Arizona State University

The ASU campus is a virtual hotbed of midcentury modern and contemporary modern architecture. Home to landmark structures by Frank Lloyd Wright, Ed Varney and Antoine Predock, the campus architecture provides constant stimulation and relief through form, texture and materials. Recurring themes are red brick, courtyards, textile blocks, precast concrete, steel and glass. The grounds are open to the public and are a must-see stop for any serious student of architecture. The crown jewel of ASU's architectural program, Grady Gammage Auditorium by Frank Lloyd Wright is rivaled by Antoine Predock's design for the Nelson Center for the Fine Arts.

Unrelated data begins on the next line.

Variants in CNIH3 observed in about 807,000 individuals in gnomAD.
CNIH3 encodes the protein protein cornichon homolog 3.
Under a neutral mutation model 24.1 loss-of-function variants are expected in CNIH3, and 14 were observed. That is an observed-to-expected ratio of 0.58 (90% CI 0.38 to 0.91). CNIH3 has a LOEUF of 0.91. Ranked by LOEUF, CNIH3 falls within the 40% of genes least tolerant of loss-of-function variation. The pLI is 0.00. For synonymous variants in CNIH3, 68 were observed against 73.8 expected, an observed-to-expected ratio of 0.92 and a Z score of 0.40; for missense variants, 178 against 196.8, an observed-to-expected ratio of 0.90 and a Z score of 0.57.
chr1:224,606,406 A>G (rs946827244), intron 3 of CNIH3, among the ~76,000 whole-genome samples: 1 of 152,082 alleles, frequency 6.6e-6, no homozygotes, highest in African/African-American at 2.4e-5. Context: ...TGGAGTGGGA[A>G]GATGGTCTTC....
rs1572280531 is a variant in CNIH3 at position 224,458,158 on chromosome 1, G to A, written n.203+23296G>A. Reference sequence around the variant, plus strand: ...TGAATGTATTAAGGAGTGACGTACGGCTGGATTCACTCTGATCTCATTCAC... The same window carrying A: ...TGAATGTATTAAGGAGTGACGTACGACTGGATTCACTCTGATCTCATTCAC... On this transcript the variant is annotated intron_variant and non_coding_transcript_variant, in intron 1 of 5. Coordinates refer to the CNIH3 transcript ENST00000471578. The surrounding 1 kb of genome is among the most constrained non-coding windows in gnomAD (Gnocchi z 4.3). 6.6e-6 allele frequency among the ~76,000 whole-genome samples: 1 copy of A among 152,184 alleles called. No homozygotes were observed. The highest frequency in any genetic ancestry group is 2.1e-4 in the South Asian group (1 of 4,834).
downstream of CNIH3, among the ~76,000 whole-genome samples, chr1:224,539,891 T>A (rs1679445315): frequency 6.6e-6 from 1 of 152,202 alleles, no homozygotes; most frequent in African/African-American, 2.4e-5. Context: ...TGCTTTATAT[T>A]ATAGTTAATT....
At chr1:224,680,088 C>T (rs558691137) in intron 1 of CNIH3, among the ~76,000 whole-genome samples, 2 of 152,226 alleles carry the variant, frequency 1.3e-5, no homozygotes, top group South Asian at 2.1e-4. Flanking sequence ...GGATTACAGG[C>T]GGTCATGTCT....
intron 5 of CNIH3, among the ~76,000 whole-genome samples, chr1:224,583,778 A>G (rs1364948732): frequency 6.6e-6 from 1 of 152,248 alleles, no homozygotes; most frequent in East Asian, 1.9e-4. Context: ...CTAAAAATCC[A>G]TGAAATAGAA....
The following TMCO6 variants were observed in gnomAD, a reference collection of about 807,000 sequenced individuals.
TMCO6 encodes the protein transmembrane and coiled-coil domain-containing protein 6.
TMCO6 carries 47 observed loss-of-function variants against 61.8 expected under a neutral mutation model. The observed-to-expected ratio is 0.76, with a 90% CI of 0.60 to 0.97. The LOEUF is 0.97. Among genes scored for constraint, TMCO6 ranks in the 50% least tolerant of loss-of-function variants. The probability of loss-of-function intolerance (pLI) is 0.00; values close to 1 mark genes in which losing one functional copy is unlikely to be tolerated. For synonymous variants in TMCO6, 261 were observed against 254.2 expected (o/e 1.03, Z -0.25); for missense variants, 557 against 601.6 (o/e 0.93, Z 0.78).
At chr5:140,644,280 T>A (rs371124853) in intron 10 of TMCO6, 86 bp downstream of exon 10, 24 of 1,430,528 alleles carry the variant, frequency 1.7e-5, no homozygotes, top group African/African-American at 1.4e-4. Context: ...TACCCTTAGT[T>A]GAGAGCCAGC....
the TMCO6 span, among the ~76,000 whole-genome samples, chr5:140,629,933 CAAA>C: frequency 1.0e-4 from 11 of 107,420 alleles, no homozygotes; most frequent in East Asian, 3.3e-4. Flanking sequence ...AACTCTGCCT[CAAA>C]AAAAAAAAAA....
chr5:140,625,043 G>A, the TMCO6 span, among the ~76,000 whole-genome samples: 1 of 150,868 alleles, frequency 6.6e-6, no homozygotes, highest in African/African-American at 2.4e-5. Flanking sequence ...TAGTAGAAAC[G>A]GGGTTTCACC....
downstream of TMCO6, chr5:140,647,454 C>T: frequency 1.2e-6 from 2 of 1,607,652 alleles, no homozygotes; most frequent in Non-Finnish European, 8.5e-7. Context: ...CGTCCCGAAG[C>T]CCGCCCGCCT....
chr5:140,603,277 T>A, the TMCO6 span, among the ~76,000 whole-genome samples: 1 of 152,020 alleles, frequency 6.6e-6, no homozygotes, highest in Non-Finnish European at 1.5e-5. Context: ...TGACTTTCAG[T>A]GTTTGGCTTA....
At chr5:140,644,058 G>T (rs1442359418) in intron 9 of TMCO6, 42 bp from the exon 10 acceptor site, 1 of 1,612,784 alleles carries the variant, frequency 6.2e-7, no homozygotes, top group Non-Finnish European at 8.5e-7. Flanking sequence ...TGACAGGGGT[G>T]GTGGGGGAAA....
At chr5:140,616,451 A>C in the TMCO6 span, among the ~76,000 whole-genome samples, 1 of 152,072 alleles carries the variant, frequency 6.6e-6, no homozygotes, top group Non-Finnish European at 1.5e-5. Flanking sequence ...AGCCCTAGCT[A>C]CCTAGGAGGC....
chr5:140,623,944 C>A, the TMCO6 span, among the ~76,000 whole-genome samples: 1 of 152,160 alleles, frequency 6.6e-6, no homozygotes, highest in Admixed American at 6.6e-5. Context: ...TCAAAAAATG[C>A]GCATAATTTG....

Originally designed for the King of Baghdad in 1957, an unfortunate assassination led to the sharing of these unbuilt auditorium plans with then president of ASU, Grady Gammage. This swirling, circular birthday cake of an auditorium represents Wright at his most effervescent, and is designed to be as acoustically perfect as possible from every seat in the house. Completed posthumously in 1964 it is one of the last structures designed by Wright at the age of 90. This three story ASU building was designed by Valley legend Ed Varney in 1962 and features patterned precast concrete grilles to protect windows from the sun. Massive covered walkways of concrete connect the building with others in the complex nearby. Despite its stoic and uninterrupted exterior, the interior courtyard is a lively tropical space that lifts the eyes skyward with the patterns and textures of freefloating stairways. Walking the ASU campus is an architectural history lesson in itself. Where else can you stand and view decades' worth of work from one spot? Lattie F. Coor Hall by Jones Studio, Inc. Hayden Library by Weaver & Drover. The ubiquitous Manzanita Hall dormitory can't be missed from University Drive. Photos by Joel Contreras

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